Loving It Raw: Understanding the Raw Food Diet Jennifer Wells
Review from jeannie zelos book reviews
A while back I reviewed a book of recipes based around a raw food diet. It was interesting and some sounded mouth-watering – it’s not all plain fruit and vegetables but delicious nut milks, smoothies, dips and dehydrated cakes and bread style foods. It didn’t really tell me how to incorporate raw foods into a daily regime though – this book does.
There’s a few simple recipes to get the reader started, but the main crux of the book is about why and how to incorporate raw foods into one’s lifestyle. What I found really interesting were the argumenta for and against. It was good to see the “cons” set out honestly, and not glossed over. Like all diets there are risks with raw foods and one needs to balance them against the benefits. Life is all about risk assessment and armed with honest information, and advice on how to minimize risk its easier to make a decision. Full marks to Jennifer for including this section – it would be easier to pretend its all beneficial but when an author is honest I’m far more inclined to trust his/her words.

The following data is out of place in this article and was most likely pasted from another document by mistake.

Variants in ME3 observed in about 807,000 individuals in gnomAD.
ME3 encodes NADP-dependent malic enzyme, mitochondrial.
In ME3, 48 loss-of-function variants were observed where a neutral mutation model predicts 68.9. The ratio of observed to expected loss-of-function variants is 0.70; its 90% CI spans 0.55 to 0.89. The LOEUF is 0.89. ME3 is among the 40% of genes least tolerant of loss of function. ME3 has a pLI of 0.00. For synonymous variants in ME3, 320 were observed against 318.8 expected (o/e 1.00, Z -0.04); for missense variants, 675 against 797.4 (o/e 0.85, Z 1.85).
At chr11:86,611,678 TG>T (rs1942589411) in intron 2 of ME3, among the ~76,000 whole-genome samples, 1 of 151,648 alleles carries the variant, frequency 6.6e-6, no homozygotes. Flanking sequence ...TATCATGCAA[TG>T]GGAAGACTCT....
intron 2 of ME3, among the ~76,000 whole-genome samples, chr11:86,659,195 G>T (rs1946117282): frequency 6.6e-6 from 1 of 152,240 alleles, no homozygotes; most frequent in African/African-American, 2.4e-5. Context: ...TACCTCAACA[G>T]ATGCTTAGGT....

The link between cooked foods and certain illnesses was interesting. I knew that, for instance, BBQ foods and its burned edges has been linked to carcinogenic properties, and yet every summer people get out the BBQ at the first hint of sun. If we accept that risk why then make a fuss about the very few raw food risks. The benefit certainly outweighs it to my mind, and shouldn’t put anyone wanting to go raw food off.
For anyone looking to add raw foods into their lifestyle, even if just part of their diet, this book is packed with sensible, down to earth advice on the practical side. It’s not a “diet” in the accepted sense, but more a healthier way of eating. It’s well worth buying and reading to help you decide why and how to do it.
Stars: Five, it’s a short read, but very honest and practical.
ARC supplied via author.
Eat Raw, Not Cooked. Stacy Stowers
Review from Jeannie Zelos Book reviews.